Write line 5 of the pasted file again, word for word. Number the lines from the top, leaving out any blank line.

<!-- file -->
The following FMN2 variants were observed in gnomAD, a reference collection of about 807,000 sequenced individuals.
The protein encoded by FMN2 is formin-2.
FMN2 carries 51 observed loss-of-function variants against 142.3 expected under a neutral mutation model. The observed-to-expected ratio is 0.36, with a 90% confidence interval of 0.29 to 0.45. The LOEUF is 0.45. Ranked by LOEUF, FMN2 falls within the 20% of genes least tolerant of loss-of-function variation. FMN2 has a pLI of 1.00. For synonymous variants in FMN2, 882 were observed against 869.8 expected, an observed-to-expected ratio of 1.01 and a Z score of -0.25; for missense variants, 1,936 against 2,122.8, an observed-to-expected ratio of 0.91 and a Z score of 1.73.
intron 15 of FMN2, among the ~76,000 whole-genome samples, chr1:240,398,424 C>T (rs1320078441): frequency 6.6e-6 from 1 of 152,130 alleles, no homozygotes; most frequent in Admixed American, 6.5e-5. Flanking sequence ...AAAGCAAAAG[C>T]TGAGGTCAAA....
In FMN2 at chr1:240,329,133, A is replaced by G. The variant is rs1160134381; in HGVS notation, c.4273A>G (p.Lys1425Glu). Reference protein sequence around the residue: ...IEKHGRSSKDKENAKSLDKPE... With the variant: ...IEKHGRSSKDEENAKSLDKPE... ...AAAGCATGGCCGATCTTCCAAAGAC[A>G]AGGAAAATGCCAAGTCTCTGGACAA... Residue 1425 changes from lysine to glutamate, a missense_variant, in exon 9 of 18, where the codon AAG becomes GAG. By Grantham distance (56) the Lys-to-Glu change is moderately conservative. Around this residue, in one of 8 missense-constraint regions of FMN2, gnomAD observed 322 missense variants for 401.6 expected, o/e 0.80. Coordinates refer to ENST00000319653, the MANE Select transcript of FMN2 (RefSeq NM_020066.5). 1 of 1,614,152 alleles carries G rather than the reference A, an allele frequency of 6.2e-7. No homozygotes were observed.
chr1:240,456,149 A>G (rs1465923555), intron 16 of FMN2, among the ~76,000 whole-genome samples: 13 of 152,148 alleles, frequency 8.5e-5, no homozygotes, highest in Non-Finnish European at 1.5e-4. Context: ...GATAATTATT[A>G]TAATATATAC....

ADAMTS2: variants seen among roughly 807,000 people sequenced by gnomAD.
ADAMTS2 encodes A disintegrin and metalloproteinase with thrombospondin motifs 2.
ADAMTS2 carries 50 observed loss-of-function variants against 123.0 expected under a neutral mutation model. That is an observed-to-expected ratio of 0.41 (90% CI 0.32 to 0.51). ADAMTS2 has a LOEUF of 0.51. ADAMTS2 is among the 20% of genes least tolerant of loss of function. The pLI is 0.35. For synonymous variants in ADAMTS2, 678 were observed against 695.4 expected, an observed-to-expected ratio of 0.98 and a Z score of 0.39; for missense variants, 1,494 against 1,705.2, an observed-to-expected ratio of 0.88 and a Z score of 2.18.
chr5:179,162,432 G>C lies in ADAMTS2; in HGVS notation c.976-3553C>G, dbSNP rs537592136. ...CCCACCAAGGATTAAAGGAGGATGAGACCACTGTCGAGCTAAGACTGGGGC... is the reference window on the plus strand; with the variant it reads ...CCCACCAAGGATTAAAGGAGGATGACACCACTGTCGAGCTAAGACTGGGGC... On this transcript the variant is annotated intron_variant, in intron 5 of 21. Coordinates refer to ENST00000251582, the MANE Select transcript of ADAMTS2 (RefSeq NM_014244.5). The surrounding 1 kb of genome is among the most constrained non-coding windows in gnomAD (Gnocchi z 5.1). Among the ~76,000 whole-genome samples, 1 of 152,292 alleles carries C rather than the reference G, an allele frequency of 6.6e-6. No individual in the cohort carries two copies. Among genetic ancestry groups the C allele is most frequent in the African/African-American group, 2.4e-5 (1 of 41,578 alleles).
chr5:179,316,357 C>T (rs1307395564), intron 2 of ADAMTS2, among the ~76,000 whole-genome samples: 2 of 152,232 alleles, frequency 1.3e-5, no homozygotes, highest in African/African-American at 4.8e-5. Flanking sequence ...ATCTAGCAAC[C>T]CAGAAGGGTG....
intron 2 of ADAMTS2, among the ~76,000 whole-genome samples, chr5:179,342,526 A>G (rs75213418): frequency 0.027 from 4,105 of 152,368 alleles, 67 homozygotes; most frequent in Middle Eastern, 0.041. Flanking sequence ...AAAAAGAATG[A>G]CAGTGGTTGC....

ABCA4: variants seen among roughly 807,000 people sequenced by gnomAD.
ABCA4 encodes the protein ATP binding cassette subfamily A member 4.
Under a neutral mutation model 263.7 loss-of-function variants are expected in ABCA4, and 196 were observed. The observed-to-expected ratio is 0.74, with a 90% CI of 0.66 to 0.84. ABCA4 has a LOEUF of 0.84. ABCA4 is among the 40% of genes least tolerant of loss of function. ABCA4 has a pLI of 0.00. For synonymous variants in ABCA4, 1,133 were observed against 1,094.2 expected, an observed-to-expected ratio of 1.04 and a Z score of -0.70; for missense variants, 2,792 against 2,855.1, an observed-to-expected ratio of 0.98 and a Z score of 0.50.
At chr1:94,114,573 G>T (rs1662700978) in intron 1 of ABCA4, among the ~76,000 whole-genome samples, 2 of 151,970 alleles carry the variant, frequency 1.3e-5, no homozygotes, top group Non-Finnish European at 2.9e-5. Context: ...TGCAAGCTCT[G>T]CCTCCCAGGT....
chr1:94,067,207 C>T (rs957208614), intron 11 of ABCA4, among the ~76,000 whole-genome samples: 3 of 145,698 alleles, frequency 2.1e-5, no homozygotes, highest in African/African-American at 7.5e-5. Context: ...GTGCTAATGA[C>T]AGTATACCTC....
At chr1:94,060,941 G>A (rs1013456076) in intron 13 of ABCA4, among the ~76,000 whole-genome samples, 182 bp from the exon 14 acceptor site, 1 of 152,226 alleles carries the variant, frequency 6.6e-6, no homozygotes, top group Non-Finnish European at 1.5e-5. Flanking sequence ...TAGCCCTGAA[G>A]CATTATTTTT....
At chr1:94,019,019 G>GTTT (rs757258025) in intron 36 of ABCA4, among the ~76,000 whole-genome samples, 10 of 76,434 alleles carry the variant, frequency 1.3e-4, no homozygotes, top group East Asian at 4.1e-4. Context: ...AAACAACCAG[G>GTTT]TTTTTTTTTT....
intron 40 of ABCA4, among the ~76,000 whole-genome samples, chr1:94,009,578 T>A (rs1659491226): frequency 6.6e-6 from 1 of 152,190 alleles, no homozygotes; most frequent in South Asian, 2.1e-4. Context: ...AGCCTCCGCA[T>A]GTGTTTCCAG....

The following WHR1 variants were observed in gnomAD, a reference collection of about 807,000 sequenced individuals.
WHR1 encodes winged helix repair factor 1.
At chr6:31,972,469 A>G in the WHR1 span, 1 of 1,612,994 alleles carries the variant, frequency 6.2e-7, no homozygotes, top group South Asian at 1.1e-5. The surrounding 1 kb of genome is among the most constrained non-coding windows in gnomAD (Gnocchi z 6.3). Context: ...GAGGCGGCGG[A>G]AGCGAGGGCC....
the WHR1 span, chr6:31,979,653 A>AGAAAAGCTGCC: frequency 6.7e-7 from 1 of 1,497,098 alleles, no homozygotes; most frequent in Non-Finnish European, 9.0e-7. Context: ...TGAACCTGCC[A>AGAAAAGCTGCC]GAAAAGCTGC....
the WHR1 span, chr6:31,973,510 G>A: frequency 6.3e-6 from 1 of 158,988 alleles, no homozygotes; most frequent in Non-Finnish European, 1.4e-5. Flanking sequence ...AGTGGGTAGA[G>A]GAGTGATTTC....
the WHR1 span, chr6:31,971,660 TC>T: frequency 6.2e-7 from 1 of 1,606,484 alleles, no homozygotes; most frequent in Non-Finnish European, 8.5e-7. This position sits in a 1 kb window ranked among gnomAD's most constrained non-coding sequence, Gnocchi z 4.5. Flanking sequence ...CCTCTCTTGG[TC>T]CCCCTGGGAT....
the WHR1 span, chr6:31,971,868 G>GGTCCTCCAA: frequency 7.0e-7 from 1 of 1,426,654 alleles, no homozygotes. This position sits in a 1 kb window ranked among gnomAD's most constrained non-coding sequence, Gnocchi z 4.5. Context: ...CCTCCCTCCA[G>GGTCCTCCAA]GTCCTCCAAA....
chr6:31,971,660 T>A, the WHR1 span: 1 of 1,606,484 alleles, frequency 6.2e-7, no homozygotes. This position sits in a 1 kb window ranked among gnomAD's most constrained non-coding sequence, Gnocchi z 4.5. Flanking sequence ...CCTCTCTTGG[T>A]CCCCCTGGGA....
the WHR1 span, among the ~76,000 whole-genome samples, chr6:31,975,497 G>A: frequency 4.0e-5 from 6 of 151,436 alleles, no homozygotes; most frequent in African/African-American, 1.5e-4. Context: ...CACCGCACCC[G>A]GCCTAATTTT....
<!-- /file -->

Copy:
In FMN2 at chr1:240,329,133, A is replaced by G. The variant is rs1160134381; in HGVS notation, c.4273A>G (p.Lys1425Glu). Reference protein sequence around the residue: ...IEKHGRSSKDKENAKSLDKPE... With the variant: ...IEKHGRSSKDEENAKSLDKPE... ...AAAGCATGGCCGATCTTCCAAAGAC[A>G]AGGAAAATGCCAAGTCTCTGGACAA... Residue 1425 changes from lysine to glutamate, a missense_variant, in exon 9 of 18, where the codon AAG becomes GAG. By Grantham distance (56) the Lys-to-Glu change is moderately conservative. Around this residue, in one of 8 missense-constraint regions of FMN2, gnomAD observed 322 missense variants for 401.6 expected, o/e 0.80. Coordinates refer to ENST00000319653, the MANE Select transcript of FMN2 (RefSeq NM_020066.5). 1 of 1,614,152 alleles carries G rather than the reference A, an allele frequency of 6.2e-7. No homozygotes were observed.